Bedbugs have been in the news again—a random sample from today's Google News:
SF's Bed Bug Infestation Getting Worse The San Francisco Appeal
Bed bugs enjoying local resurgence, on you Fremont News Messenger
New School Fear: Bedbugs Coming Home in Backpacks Wall Street Journal (blog)
And finally, to my great amusement:
Bedbugs Feared Inside Wall Street Journal Offices NBC New York
But we've been writing about bedbugs for some time—in 2005 I called them the World's Smallest Immigrants. It's pretty clear that bedbugs, the scourge of an earlier, less hygienic society, are coming back. Why? Well, we're importing people from a present-day less hygienic society.
This is admitted by the public health authorities and MainStream Media journalists who report on them:
"In the bedbug resurgence, entomologists and exterminators blame increased immigration from the developing world, the advent of cheap international travel and the recent banning of powerful pesticides." Just Try to Sleep Tight. The Bedbugs Are Back. , By Andrew Jacobs, New York Times, November 27, 2005
But not by the politicians who pander to immigrants:
"Richard Pollack, an entomologist at the Harvard School of Public Health in Boston who has studied bed bugs, said the insects disappeared in the latter part of the 20th century but recently made a surging comeback.
"The return, he said, 'has been attributed to a supposed increase in international travel and immigration.' One council member rejected that characterization as unfairly blaming immigrants." [City Takes Aim At Exploding Bed Bugs Problem, Bryan Virasami, Newsday, September 19, 2006]
In fact, the mention of the immigrant/bedbug link has been known to drive Latinos, well, buggy.
"And apparently Mexicans are responsible for — of all things — bedbugs:
'Chapter 3. Coming to America
'High among the [costs of immigration] is the appearance among us of diseases that never before afflicted us and the sudden reappearance of contagious diseases that researchers and doctors had eradicated long ago. Malaria, polio, hepatitis, tuberculosis and such rarities of the Third World as dengue fever, Chagas' Disease and leprosy are surfacing here …. Bedbugs have invaded the United States for the first time in 50 years, with 28 states reporting recent infestations.'"[Links added] [Pat Buchanan warns of Mexican "invasion", VivirLatino.com, August 21, 2006]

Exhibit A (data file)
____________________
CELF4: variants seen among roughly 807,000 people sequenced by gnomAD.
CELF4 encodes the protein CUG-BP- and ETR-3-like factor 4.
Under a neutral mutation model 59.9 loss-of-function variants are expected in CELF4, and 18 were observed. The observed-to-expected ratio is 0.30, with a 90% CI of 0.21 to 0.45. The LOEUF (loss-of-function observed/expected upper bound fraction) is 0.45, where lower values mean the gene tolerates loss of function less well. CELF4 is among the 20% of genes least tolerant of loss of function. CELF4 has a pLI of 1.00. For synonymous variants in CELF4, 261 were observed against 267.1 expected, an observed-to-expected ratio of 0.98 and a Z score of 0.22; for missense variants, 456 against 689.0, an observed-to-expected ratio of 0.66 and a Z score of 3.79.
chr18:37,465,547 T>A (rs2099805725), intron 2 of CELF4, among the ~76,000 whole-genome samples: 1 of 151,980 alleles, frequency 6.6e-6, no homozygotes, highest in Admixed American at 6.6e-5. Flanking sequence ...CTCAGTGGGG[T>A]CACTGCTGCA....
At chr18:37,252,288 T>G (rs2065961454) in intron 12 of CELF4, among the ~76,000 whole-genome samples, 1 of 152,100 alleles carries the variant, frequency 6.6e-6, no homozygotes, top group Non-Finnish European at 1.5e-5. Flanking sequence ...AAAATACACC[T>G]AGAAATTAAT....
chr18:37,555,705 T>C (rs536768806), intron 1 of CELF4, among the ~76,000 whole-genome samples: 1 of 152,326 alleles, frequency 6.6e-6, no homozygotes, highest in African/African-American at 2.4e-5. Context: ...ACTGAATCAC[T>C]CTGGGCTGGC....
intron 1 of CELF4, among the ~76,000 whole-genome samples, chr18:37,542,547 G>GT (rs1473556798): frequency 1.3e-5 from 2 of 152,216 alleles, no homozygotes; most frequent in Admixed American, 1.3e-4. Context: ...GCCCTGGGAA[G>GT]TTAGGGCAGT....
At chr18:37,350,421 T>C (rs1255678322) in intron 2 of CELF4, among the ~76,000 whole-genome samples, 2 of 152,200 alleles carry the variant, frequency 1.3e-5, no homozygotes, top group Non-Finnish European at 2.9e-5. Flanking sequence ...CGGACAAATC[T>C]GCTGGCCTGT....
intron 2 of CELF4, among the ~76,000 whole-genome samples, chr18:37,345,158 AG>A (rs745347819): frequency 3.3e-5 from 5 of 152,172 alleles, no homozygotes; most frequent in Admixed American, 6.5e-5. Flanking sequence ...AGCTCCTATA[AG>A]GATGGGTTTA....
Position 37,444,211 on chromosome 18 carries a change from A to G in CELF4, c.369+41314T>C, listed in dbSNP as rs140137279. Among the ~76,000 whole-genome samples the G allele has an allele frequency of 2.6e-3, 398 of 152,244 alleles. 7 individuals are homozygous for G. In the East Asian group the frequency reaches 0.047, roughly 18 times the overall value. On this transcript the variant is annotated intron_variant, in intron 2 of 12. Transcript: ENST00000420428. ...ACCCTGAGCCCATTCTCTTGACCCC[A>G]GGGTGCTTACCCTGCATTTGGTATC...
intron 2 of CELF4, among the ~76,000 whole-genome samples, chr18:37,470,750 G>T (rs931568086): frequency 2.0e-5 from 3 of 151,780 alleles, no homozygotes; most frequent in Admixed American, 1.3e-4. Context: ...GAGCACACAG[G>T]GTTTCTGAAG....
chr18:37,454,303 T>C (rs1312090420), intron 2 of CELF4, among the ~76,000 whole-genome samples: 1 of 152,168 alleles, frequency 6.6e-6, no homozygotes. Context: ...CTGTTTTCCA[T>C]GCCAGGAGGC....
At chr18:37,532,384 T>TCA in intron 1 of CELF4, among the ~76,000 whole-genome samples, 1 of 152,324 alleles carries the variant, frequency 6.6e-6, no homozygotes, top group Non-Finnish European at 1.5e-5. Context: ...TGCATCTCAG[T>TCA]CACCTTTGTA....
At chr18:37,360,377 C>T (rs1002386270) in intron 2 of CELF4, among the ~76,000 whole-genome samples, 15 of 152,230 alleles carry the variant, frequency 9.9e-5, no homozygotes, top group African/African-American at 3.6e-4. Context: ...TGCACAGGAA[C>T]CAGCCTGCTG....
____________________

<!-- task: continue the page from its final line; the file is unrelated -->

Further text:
Buchanan was right, of course. I know—I helped fact check the Buchanan book.
How do immigrants help boost bedbugs? Two different ways:
The immigrants actually import the bedbugs. Some people come to America by walking over the border, with nothing but a backpack, but others have their furniture shipped from home, home being in the infested Third World. Also, bedbugs and lice can may attach themselves to the clothing or body of the immigrant
Immigrants bring a culture that doesn't know how deal with bedbugs. If you're an American, bedbugs are something that you read about in Lonely Planet's Healthy Travel: Asia & India Guidebook, and maybe experience in on a trip to Thailand. But for the people of Asia and India, that's their whole life.
That culture thing has wider implications. I've repeatedly pointed out that America's foodservice industry and agriculture is now in the hands of people who have never learned the germ theory of disease, and may not believe it when they're told.
But complaints about immigrants and any kind of health problem are scoffed at by Open Borders types like Janet Murguia of La Raza, ("references to Latino immigrants riddled with dangerous diseases are frequent"),The Anti-Defamation League ("painting undocumented immigrants, particularly Hispanic immigrants, as disease carriers "), and Linda Chavez (on NRO) ("They think Latinos are dirty, diseased, indolent, and more prone to criminal behavior. "[Links very much added])
There's an urban legend that a passenger bitten by a bedbug on a railway sleeping car, in the old days when Pullman cars hired American labor, wrote to George Pullman, who owned the company. This version is from a New York Times story in 2003:
"The company had never heard of such a thing, Pullman wrote, and as a result of the passenger's experience, all of the sleeping cars were being pulled off the line and fumigated. The Pullman's Palace Car Company was committed to providing its customers with the highest level of service, Pullman went on, and it would spare no expense in meeting that goal. Thank you for writing, he said, and if you ever have a similar problem — or any problem — do not hesitate to write again.
"Enclosed with this letter, by accident, was the passenger's original letter to Pullman, across the bottom of which the president had written, 'Send this S.O.B. the bedbug letter.' "